Mike Russell – The Herculean TT Challenge

There’s no doubt about it, racing in any one of the classes at the TT is a massive effort.  From the sponsored pro riders in their motorhomes to the weekend warriors living and spannering out of their work vans, it demands a lot.

You have to be willing to throw your whole life into it, dedicating every spare hour and sometimes more crucially, every spare penny towards it. One man who knows the pressure and commitment only too well is Mike Russell.

For the past two years, Russell has attempted a feat that no other rider has ever achieved or perhaps even attempted - racing all 5 classes and 10 races at a single event.  “We are aiming to be the first person to finish every class in the same year” says Russell squarely. “Looking through the history books we couldn’t find anyone that had done it. We looked into it, did some homework and thought it is possible.”

Since 2019, this gargantuan challenge has been Russell’s sole focus and goal. Not an easy task to set yourself when you have both a young family and a long hardworking career in the RAF. “I’m a driver doing logistics, a glorified taxi man”, explains Russell modestly. “I love it. I drive everything and anything. The most expensive load I’ve had was about £45 million, an Apache helicopter gunship on the back with police escort front and rear. It’s eventful!”

Russell may not be a rider many have heard of and despite being a privateer, he has a wealth of experience to draw upon. After many years obsessing and fantasising over motorcycles, throughout his youth he finally started riding and racing, despite his parent’s initial objection to anything that seemed remotely dangerous.  

Since 2005 Russell has squeezed circuit racing in and around his role in the air force. However, road racing had never been a consideration until a fellow RAF serviceman and rider, Gordon Blackley, gave him a call in 2007. “He rang us up and said ‘I’m retiring, the Motorsport Association is looking at getting a rider to the TT, would you fancy doing the Manx?’”

He recalled watching onboards and thinking it was mental. “How do they see or know what’s going on? So the answer was ‘no, it’s out of my skill zone thanks very much’”.  But then he got sent to Iraq in 2007, so his season of circuit racing was done. “I was out in the desert, sunning myself up and getting shot at, but I came back two weeks before the Manx Grand Prix. I ummd and ahhhd, and decided to go”. From then on Russell has been a regular at the Manx and the TT.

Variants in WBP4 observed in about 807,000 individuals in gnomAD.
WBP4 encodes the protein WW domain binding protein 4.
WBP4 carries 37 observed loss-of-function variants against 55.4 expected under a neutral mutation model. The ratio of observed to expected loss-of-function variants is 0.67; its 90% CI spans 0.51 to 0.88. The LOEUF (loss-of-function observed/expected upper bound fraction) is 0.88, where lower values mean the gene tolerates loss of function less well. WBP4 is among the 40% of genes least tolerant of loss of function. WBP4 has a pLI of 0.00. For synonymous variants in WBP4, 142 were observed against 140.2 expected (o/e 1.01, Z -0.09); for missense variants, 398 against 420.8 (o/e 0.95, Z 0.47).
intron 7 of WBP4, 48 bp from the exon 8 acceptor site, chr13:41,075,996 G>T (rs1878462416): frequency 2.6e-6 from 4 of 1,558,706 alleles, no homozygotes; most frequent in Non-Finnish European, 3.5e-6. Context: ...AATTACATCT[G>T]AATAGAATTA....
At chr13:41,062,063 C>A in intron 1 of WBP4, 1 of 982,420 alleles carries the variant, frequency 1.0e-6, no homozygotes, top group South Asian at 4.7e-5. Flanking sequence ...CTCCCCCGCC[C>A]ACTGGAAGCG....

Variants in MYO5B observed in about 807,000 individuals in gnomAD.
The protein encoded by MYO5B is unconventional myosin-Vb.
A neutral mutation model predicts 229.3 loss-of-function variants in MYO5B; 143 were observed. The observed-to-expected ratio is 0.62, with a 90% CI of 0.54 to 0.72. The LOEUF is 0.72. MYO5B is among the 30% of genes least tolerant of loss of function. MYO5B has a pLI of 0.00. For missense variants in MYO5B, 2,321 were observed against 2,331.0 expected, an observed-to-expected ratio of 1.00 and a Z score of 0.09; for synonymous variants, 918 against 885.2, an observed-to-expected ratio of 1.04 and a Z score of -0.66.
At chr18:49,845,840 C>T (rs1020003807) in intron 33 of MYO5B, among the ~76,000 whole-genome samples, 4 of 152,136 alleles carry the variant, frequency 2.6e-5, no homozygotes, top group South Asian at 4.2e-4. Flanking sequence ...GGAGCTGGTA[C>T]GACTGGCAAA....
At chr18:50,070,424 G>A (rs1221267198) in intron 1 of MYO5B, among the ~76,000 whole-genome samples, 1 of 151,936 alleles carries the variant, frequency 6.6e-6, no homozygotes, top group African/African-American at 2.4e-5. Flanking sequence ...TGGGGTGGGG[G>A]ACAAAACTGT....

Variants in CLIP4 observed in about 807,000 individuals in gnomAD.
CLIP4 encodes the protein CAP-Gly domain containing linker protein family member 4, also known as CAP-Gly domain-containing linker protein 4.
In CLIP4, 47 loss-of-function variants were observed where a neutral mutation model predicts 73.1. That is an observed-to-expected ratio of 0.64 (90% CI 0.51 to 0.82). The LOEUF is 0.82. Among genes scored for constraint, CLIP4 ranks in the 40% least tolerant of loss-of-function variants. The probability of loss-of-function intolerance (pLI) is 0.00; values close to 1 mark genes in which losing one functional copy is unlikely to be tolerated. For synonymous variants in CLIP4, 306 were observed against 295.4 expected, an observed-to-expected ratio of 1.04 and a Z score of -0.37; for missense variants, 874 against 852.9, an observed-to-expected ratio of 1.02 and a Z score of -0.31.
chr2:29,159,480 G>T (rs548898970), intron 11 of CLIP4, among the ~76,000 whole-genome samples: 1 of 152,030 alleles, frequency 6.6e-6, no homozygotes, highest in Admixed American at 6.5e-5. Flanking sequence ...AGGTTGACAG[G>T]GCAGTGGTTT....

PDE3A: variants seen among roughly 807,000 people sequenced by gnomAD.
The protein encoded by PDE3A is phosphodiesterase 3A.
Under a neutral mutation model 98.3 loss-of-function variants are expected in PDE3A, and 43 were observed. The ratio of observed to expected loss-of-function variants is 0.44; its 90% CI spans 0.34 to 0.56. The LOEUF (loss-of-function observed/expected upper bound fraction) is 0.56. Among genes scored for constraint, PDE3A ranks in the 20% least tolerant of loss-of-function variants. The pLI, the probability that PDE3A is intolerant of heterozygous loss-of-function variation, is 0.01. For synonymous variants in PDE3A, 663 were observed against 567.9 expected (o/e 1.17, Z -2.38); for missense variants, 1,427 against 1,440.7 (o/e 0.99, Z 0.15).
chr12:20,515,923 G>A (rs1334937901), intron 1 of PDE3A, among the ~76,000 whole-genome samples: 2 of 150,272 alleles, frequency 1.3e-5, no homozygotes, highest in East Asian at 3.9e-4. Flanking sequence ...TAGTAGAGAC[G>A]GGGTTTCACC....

Financially to enter each event is a herculean task, even for a pro-rider. Being a privateer, Russell has essentially had to beg, borrow and steal whatever he can, putting together a set of bikes and a sidecar to meet each class. He’s been fortunate to have had help from some sponsors but a lot of it has come out of his own pocket.   

“Unfortunately it’s a money sport, we all know it. We’ve been box clever with it. We minimise sidecar laps because we haven’t got the spare motors behind us. We’ve got a spare motor but we haven’t got spare motors. It is what it is, we just have to do what we can.”

"We've got a spare motor, but not spare motors."

Russell is yet to complete all 10 races and still hopes he will be the first, although at one point he was convinced he might be beaten to it. “I’ve spoken to Dean Harrison and Michael Dunlop because obviously they could do the challenge”, explains Russell, as both Harrison and Dunlop have experience with sidecars.

“I thought Michael was going to do it in 2022, he’s had a sidecar licence for years. They’re fast, they can just go fast at whatever. I was genuinely waiting for to Dunlop to be doing every class and it never came.” Fortunately for Russell, he’s currently the only person who has been crazy enough to try it. 

Another factor is how physically exhausting this challenge is. For instance, in 2022, he raced the Superbikes followed by the Sidecars, which gave him a window of an hour and a bit in between races. “It’s an endurance event”, says Russell. “I swap helmets so I’ve not got a dripping helmet on. Get the leathers off afterwards, have a drink. There’s not a great amount of time to get lots of stuff in, it’s water, electrolytes, energy snacks.”

With just an hour between races in some cases, for Russell, the TT is an endurance event

You can’t help but get behind Russell, this is a David and Goliath moment. 

“If I succeed with this challenge I will genuinely be gobsmacked. I think from a privateer’s point of view, to be in a position where we can say we’re doing this challenge is beyond words. I never thought I’d be in this position.”

The odds are stacked against him but the TT loves an underdog. And having fallen just short of the completing his challenge due to a small handful of technical issues in 2022 and 2023 (which you can learn more about in his appearance on The TT Podcast) maybe 2024 will be the year. Good luck, Mike.


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Mike Russell talks in more detail about the challenge on The TT Podcast

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